Data from: Overall seed dispersal effectiveness is lower in endemic Trillium species than in their widespread congeners

Chelsea Nicole Miller & Charles Kwit
PREMISE OF THE STUDY: Comparing ecological attributes of endemic species with related, widespread species can reveal differences accounting for rarity. Forests of the southeastern US are home to many range-restricted endemic and widespread species of Trillium, a genus of ant-dispersed herbs. Evidence suggests that aspects of seed-related life history stages are often correlated with plant rarity, but few studies have tested whether the process of seed dispersal differs for endemic and widespread species. To address...

Data from: Acoustic adaptation to city noise through vocal learning by a songbird

Dana Lynn Moseley, Graham Earnest Derryberry, Jennifer Nicole Phillips, Julie Elizabeth Danner, Raymond Michael Danner, David Andrew Luther & Elizabeth Perrault Derryberry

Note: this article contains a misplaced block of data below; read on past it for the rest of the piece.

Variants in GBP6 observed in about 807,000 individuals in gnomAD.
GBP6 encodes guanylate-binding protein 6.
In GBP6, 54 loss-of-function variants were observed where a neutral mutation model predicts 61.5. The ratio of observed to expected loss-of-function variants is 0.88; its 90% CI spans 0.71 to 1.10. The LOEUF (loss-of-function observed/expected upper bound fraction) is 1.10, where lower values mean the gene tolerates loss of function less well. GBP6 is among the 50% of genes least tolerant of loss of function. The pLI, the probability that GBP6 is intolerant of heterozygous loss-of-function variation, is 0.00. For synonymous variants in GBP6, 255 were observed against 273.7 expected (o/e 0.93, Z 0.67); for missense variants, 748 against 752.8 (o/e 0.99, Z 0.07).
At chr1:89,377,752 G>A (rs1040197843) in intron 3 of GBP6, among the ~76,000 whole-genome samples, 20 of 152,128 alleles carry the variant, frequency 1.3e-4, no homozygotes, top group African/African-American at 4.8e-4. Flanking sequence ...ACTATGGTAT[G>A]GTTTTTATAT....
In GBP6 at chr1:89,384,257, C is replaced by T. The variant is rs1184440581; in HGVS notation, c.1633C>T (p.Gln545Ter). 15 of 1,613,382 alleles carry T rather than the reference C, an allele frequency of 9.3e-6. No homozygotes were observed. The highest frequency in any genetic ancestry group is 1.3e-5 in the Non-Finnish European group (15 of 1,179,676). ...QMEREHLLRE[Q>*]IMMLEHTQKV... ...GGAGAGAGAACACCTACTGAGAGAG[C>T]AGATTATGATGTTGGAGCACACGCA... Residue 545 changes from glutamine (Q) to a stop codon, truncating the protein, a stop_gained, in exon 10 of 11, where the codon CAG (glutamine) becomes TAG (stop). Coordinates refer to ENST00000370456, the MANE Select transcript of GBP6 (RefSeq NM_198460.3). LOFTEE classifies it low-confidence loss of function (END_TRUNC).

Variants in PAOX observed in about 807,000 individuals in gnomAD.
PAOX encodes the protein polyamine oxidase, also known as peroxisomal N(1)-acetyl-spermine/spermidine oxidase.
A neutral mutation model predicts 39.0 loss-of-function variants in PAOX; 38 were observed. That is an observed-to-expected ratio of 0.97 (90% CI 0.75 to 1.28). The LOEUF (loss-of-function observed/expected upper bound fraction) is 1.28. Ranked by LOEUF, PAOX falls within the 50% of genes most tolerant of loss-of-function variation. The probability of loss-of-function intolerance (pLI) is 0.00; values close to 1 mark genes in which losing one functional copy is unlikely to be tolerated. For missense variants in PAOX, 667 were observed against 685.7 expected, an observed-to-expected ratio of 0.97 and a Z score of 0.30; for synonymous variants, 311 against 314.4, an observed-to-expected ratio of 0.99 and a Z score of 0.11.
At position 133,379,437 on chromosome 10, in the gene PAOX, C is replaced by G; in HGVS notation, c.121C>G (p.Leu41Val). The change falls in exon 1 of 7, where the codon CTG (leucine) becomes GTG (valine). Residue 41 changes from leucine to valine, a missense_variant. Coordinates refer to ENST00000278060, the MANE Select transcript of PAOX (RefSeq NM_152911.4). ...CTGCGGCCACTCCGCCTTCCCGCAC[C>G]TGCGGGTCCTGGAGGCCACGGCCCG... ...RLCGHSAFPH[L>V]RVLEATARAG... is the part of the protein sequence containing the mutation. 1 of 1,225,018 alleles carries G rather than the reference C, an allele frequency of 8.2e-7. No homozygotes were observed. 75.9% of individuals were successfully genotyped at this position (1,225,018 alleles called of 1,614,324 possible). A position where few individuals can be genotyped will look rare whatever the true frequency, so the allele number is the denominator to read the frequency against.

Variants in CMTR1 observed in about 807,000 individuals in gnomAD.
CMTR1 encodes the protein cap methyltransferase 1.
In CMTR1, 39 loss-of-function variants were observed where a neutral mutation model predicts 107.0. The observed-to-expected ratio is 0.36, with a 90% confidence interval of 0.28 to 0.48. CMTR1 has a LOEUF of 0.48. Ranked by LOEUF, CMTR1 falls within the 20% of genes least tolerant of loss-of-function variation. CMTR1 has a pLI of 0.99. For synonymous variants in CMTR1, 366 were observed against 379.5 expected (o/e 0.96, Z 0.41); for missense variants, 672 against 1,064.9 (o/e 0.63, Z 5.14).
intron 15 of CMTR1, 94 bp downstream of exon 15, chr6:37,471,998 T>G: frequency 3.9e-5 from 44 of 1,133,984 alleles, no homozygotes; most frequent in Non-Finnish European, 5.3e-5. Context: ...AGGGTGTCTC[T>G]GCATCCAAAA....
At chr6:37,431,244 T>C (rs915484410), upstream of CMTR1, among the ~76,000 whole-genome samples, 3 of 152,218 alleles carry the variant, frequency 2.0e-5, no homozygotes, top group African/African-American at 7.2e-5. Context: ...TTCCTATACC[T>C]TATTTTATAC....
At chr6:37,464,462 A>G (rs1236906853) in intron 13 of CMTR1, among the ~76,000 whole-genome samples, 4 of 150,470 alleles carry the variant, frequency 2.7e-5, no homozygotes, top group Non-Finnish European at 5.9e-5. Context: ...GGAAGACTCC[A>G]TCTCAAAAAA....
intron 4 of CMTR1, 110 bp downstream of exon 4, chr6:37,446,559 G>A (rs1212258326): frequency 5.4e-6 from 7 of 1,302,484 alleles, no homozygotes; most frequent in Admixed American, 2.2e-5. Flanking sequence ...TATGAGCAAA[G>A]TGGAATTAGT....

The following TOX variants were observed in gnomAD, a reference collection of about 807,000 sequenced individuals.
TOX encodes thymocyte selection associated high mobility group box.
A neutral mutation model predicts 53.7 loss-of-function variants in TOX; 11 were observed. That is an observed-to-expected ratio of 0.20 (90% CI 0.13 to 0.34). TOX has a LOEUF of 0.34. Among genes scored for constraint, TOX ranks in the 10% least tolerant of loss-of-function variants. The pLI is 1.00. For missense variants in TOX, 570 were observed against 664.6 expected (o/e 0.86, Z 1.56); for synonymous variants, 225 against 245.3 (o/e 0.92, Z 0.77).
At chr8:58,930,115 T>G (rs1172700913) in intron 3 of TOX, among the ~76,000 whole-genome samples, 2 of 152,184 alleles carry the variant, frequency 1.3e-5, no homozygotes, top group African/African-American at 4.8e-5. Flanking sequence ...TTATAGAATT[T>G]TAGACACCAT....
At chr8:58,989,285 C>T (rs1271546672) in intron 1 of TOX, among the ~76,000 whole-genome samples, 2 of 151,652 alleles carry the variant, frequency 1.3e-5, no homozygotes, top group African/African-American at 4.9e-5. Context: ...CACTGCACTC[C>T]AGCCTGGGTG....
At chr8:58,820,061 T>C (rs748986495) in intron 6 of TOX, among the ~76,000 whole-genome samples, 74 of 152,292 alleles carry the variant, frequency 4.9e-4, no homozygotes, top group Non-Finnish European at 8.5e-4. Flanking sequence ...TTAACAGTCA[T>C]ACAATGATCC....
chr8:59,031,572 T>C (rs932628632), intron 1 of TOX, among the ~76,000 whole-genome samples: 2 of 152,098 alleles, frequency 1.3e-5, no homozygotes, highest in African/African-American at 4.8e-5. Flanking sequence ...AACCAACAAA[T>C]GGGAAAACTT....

Anthropogenic noise imposes novel selection pressures, especially on species that communicate acoustically. Many animals – including insects, frogs, whales, and birds – produce sounds at higher frequencies in areas with low-frequency noise pollution. Although there is support for animals changing their vocalizations in real time in response to noise (i.e., immediate flexibility), other evolutionary mechanisms for animals that learn their vocalizations remain largely unexplored. We hypothesize that cultural selection for signal structures less masked by...

Data from: Do constructional constraints influence cyprinid (Cyprinidae: Leuciscinae) craniofacial coevolution?